William Shakespeare, The Comedy of Errors

Nicholas Moschovakis (Independent Scholar - North America)
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The Comedy of Errors

is a drama of confused identities: two pairs of identical twin brothers, separated at birth and unaware that they are in the same city, are repeatedly taken for each other, and the members of each pair repeatedly encounter (and fail to distinguish between) the members of the other pair, while the wife of one brother even mistakes his twin for her own husband. The complication and unravelling of these confusions is set within a related narrative frame, in which a prisoner—the father to one pair of twins - is redeemed from imminent death and reunited with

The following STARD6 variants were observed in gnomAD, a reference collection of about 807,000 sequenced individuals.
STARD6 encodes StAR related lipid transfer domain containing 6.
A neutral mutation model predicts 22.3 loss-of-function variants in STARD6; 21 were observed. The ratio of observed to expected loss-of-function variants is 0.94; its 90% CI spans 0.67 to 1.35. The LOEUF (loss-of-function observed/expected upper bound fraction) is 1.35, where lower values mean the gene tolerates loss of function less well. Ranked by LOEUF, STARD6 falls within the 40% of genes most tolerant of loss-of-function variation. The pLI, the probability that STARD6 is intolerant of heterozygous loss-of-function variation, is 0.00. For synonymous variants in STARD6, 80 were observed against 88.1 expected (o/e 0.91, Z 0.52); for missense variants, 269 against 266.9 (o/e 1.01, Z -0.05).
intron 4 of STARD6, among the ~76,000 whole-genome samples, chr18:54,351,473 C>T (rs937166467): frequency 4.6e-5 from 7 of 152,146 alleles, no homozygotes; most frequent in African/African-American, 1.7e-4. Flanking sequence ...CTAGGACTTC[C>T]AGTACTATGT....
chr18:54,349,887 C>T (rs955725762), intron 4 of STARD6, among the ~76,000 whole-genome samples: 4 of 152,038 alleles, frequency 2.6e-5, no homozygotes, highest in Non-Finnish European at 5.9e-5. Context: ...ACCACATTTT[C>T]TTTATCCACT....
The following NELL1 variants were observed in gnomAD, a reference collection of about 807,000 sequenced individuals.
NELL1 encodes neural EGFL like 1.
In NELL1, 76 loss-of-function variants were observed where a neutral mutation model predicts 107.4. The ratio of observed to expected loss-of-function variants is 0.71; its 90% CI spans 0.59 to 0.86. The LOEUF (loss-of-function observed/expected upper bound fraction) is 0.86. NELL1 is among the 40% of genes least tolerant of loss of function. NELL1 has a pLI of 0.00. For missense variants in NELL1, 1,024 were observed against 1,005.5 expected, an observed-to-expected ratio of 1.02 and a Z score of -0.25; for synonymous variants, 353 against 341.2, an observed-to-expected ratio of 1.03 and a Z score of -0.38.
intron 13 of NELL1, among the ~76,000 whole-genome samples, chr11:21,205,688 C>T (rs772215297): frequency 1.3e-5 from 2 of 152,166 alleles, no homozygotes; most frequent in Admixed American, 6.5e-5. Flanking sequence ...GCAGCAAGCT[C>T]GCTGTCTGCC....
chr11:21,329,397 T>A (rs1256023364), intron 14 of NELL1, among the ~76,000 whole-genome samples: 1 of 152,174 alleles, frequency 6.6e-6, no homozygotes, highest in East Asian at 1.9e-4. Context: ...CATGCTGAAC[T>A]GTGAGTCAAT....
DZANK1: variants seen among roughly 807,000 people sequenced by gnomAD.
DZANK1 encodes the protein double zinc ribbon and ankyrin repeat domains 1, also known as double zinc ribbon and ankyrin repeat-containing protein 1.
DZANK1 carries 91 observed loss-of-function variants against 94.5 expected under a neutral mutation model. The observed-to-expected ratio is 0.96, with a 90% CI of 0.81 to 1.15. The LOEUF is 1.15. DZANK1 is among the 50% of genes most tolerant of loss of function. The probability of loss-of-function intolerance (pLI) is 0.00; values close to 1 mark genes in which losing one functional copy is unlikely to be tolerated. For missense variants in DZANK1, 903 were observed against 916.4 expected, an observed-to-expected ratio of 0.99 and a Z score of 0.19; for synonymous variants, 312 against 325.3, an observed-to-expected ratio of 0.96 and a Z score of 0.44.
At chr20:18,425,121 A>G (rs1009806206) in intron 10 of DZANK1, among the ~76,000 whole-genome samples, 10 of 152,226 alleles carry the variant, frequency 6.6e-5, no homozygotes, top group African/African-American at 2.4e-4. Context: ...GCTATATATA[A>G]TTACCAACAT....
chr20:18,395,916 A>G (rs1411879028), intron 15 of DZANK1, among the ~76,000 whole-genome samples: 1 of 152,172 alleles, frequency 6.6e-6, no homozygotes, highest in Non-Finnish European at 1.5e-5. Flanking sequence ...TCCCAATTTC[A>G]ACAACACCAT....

wife after a separation that has lasted twenty-five years or more. As Shakespeare joined this latter, romantic or tragicomic premise to the largely farcical twin-plot that he found in Plautus's



4172 words

Citation: Moschovakis, Nicholas. "The Comedy of Errors". The Literary Encyclopedia. First published 22 August 2006 [https://www.litencyc.com/php/sworks.php?rec=true&UID=1229, accessed 25 July 2024.]

1229 The Comedy of Errors 3 Historical context notes are intended to give basic and preliminary information on a topic. In some cases they will be expanded into longer entries as the Literary Encyclopedia evolves.

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